- Product only used in lead free required applications and must be reconstituted
- Product to be used in either lead free or existing applications
- Products not to be used to convey water for human consumption.
Materials and manufacturing
Selecting lead free materials is not as simple a process as it would seem. There are many options available to manufacturers, and each option has its own set of limitations. When complying with the lead free laws, there are many variables to address that cover multiple manufacturing processes, while being mindful of material suitability and product cost.
The primary options available for materials are lead free brass and bronze, stainless steels and plastics. Each lead free technology has costs beyond the basic raw material to consider.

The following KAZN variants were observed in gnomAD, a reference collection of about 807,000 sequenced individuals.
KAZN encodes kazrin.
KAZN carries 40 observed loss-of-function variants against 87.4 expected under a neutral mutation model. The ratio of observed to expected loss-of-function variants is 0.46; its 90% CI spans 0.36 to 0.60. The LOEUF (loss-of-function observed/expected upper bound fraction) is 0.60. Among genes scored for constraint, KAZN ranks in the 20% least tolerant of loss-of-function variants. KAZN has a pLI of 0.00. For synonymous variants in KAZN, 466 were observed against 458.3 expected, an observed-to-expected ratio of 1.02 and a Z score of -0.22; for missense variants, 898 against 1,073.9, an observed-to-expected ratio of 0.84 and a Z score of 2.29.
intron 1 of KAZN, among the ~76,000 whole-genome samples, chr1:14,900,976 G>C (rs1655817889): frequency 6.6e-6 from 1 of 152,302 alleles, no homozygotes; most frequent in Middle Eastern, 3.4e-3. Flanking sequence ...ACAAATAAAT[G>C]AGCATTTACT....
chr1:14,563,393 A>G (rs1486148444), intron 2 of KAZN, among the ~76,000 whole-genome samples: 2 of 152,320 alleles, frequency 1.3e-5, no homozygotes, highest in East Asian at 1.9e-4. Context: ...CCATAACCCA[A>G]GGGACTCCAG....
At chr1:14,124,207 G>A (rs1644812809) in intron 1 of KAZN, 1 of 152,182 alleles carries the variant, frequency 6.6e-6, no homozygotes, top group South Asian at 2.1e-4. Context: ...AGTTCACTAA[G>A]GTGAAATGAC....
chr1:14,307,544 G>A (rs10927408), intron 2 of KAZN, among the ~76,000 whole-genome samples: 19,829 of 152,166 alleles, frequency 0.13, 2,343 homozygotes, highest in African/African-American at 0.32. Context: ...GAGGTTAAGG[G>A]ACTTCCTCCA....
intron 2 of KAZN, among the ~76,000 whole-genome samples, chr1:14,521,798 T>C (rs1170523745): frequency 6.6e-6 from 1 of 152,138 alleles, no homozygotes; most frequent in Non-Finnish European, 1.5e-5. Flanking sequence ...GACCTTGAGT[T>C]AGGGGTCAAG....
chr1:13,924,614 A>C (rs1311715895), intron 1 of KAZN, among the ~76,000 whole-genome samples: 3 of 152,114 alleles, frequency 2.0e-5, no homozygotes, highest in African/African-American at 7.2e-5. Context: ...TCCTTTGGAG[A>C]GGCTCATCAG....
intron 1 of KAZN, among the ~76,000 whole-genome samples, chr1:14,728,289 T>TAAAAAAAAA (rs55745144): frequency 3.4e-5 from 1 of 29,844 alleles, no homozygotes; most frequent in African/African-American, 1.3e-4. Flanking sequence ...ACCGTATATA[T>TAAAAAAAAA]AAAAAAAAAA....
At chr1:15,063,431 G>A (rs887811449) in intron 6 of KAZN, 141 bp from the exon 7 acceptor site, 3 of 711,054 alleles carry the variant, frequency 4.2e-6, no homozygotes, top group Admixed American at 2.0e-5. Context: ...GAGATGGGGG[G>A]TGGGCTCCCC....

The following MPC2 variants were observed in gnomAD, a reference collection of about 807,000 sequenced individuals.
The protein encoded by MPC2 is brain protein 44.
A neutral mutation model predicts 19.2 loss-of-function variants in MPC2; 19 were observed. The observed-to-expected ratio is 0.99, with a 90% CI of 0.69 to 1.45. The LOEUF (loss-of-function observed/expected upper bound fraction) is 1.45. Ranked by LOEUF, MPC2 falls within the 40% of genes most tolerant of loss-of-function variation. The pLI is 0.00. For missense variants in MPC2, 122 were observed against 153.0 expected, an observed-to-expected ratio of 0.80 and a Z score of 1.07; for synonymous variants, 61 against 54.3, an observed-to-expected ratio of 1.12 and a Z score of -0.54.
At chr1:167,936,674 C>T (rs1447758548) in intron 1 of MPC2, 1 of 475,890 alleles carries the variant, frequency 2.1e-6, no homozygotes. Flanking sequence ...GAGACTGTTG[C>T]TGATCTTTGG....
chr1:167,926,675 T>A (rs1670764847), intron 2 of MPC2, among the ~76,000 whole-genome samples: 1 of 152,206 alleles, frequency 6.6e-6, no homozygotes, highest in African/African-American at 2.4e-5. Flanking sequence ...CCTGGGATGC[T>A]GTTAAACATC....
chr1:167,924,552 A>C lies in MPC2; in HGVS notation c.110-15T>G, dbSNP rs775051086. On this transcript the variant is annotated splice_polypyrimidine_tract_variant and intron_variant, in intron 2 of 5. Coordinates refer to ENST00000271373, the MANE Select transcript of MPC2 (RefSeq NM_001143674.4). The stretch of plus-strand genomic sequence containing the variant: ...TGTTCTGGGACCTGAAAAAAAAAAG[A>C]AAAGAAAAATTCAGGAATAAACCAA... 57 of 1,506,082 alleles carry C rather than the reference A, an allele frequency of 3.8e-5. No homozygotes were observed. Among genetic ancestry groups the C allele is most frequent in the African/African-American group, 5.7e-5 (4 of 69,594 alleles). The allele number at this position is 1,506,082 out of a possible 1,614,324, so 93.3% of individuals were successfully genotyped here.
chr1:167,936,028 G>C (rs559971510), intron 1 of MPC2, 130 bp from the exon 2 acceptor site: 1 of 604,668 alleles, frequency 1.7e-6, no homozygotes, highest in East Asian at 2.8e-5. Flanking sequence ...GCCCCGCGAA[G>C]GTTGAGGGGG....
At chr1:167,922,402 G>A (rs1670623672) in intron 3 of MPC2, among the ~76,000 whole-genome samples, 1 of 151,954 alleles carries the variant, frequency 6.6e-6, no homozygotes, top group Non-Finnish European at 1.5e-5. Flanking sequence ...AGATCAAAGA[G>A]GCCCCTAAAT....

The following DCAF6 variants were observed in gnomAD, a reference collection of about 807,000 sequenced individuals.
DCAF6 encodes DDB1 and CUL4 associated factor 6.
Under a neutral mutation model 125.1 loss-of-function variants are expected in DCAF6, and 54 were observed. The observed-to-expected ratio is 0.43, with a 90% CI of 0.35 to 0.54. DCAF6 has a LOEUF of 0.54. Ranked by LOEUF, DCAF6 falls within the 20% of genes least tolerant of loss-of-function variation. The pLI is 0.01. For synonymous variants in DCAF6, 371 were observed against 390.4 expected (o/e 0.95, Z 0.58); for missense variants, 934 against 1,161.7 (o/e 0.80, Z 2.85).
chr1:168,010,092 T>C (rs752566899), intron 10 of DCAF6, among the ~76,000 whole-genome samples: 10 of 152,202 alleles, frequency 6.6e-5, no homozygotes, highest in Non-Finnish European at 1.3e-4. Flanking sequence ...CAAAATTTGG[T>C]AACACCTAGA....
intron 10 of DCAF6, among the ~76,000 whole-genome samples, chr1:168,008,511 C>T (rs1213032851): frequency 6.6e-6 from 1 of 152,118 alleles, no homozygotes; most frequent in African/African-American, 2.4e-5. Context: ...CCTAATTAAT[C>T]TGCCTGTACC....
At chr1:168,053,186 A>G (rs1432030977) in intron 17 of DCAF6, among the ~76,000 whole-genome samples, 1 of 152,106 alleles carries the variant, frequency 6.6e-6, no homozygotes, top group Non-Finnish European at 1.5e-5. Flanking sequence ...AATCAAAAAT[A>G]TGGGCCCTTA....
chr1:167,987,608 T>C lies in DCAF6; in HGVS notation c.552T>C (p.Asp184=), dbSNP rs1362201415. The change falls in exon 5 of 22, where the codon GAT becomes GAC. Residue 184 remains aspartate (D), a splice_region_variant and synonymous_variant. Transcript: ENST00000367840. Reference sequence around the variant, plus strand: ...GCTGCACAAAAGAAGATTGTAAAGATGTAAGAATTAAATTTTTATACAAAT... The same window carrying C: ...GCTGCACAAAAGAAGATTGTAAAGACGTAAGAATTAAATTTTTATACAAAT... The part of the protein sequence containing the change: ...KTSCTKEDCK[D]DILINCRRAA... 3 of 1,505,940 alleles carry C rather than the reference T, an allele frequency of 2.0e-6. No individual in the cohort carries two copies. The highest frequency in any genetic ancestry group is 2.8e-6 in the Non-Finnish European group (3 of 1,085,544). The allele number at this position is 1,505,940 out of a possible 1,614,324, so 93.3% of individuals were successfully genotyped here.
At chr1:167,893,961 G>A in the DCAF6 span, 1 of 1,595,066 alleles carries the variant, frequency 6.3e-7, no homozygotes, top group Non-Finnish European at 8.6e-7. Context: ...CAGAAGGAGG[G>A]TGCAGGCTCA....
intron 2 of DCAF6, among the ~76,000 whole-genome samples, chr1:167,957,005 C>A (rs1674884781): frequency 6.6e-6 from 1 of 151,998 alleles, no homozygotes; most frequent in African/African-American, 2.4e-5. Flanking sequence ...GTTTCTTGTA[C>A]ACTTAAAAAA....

“Manufacturers have a responsibility to deliver lead free compliant products that meet the customers’ expectations for performance and serviceability. With the various material options that are available to meet the requirements of the lead free statutes, development of a material strategy is critical to maintain performance and deliver value to the end user,” says Jeff Scilingo, director of R&D engineering for Watts Water Technologies.
Casting lead free alloys is not as simple as it was with leaded formulations. New techniques and tooling have been developed and refined to process the new materials. When forging the lead free alloys, tighter temperature controls are required to maintain material performance.
Ongoing development continues to produce new material options.